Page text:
What Type of Pond Liner is Best?
Choosing a good quality pond liner is a must for any pond owner, whether it’s for an existing or newly built pond. It acts as an impermeable membrane that works to retain liquid and prevent it from leaking through the base of the pond and into the soil beneath it. A pond liner will also help to keep debris and sediment out of the water for longer, allowing you to maintain your pond properly. The best pond liners are easy to lay, resistant to leaks, and can last a lifetime.
There are many benefits to purchasing a good quality pond liner, but with so many options available on the market, it can be difficult to decide which type is right for your pond. This guide is perfect for you if you’re currently looking for a pond liner to suit your budget. Read on to discover everything you need to know about pond liners, from the different types of material available, to how to install them properly. Our guide is guaranteed to help you to find a suitable pond liner in no time.
- How thick does a pond liner need to be?
- Types of pond liners
- How to measure pond liner
- How to install a pond liner
How thick does a pond liner need to be?
Pond liners come in various thicknesses, including 0.35mm, 0.5mm, 0.75mm and 1mm. To get the best performance from your pond liner, we recommend choosing the thickest possible option, as it will be the least likely to be punctured by sharp stones that may sit underneath your pond. Installing a thicker pond liner will give you peace of mind that your pond liner is unlikely to tear, keeping any leaks to a minimum.
Types of pond liners
Here are a few of the materials most commonly used in pond liners:
EPDM is one of the most popular materials used to create pond liners due to its excellent flexibility and durability. It is rubber-like, making it a great choice for more complicated pond designs, as it can be folded and manoeuvred easily. You can also attach multiple sheets of EPDM together using liner tape to create the required shape and size. While it is more costly than other material types, it is extremely effective at holding water and is also resistant to UV rays and other weather-based damage.
Butyl is very similar to EPDM, as it is durable and offers great resistance to UV damage. Although it isn’t as stretchy and flexible, it still offers excellent puncture resistance and is long-lasting. Butyl pond liners are often slightly more expensive than other material types, partly due to their longevity. If you’re looking for a sturdy option that is resistant to cracking, Butyl makes a reliable choice to keep your pond leak-free.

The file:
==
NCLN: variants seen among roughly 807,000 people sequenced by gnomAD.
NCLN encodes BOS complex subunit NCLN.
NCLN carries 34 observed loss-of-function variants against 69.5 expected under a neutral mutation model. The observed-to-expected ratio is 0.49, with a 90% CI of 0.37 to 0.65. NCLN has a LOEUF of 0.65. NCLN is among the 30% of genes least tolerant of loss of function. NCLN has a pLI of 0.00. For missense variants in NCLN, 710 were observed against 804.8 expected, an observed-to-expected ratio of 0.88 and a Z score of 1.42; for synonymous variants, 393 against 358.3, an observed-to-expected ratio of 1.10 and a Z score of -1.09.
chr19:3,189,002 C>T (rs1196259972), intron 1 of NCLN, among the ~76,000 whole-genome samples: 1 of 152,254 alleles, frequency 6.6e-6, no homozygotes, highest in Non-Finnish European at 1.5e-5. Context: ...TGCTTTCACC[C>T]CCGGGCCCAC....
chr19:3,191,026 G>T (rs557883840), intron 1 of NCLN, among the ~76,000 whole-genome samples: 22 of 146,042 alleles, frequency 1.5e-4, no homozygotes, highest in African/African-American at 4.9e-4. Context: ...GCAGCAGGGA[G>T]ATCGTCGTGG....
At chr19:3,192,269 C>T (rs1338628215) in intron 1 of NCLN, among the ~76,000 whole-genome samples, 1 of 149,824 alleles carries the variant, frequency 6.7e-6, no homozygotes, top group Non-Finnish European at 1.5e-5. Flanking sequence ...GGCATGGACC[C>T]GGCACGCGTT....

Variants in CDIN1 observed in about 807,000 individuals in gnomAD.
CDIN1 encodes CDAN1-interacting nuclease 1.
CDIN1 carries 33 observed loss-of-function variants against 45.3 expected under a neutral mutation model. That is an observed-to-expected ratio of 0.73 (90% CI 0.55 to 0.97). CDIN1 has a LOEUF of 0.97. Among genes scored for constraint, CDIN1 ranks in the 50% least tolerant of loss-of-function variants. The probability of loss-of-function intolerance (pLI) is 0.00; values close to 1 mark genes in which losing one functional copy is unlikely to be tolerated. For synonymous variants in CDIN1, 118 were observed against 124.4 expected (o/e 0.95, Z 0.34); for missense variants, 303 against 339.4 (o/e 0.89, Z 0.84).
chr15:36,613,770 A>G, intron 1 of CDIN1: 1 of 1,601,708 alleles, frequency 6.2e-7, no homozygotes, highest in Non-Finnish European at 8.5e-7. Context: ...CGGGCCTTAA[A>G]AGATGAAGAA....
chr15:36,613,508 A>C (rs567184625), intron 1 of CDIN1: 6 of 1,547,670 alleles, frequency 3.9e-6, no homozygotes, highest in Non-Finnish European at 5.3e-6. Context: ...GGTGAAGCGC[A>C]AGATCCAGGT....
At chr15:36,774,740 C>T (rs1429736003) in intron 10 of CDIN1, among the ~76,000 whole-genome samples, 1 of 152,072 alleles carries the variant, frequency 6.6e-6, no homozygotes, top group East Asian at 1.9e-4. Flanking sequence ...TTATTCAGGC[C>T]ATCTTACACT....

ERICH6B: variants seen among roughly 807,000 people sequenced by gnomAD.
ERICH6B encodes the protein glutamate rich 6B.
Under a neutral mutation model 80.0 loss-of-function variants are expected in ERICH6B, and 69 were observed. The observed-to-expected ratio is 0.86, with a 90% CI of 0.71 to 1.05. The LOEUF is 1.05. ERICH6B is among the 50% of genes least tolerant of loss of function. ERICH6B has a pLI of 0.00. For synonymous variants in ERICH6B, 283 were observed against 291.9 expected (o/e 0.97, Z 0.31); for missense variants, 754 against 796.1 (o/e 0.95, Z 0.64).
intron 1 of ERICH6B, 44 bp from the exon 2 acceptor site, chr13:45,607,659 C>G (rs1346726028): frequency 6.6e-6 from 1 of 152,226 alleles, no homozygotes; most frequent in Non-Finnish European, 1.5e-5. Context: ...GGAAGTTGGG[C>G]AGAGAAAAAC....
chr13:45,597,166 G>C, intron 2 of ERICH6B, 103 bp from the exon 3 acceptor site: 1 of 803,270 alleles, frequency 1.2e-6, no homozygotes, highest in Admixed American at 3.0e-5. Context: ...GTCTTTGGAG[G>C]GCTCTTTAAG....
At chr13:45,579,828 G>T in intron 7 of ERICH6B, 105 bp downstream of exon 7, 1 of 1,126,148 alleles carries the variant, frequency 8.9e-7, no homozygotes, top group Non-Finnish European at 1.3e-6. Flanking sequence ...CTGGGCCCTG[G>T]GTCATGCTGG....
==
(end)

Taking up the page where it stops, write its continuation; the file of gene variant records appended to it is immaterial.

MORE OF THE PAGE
PVC tends to be the cheapest type of material used in pond liners and is ideal for those looking for a more budget-friendly option. It is similar to EPDM because it can also be fixed together using liner tape, allowing you to create the perfect shape for your pond. However, it isn’t the best at dealing with weather damage and can be prone to cracking, which could eventually lead to leaking. When buying a PVC pond liner, it’s important to check that it is fish-friendly, as some varieties contain harmful chemicals that can be dangerous to pond life.
How to measure pond liner
To make your pond liner the correct shape and size to fit your pond, you’ll first need to measure the maximum width, length and depth of the pond. Then, add double the depth measurement onto the width and length to ensure that your pond liner will fit the pond depth. Finally, add another 30cm onto the width and length so that you can place the spare liner around the edge. This can then be covered and held in place by paving stones, gravel and decorative items such as lighting to create a more natural aesthetic.
How to install a pond liner
When installing a pond liner, it’s important to ensure that the hole you dig has sloping sides rather than vertical and that the top edge of the pond is level. This will help you properly edge the pond, so the liner is fully hidden. Ensuring that the area is free from sharp stones, place your underlay on the bottom and sides of the pond before placing your pond liner over the top. You’ll then need to anchor it around the top edge using bricks or stones to help it stay in place.
Run water into the pond gradually while gently moving the liner into the correct shape for a neat finish. As the weight of the water increases, the liner will mould itself to the shape of the pond. Once filled, leave it for at least 24 hours to ensure that the liner has properly settled, then cut off any excess if needed, leaving at least 30cm of overlap so it can be anchored. After a week, complete your pond by edging it with stones, paving and decorative objects to hold the liner in place and hide the excess from direct sunlight.
While many options are available when choosing a pond liner, choosing the right one to suit your needs doesn’t need to be a struggle. With our guide, you can learn about the different types available, along with useful tips for measuring and installing your chosen pond liner. We offer an extensive selection of high-quality pond liner and underlay, so why not browse the range today?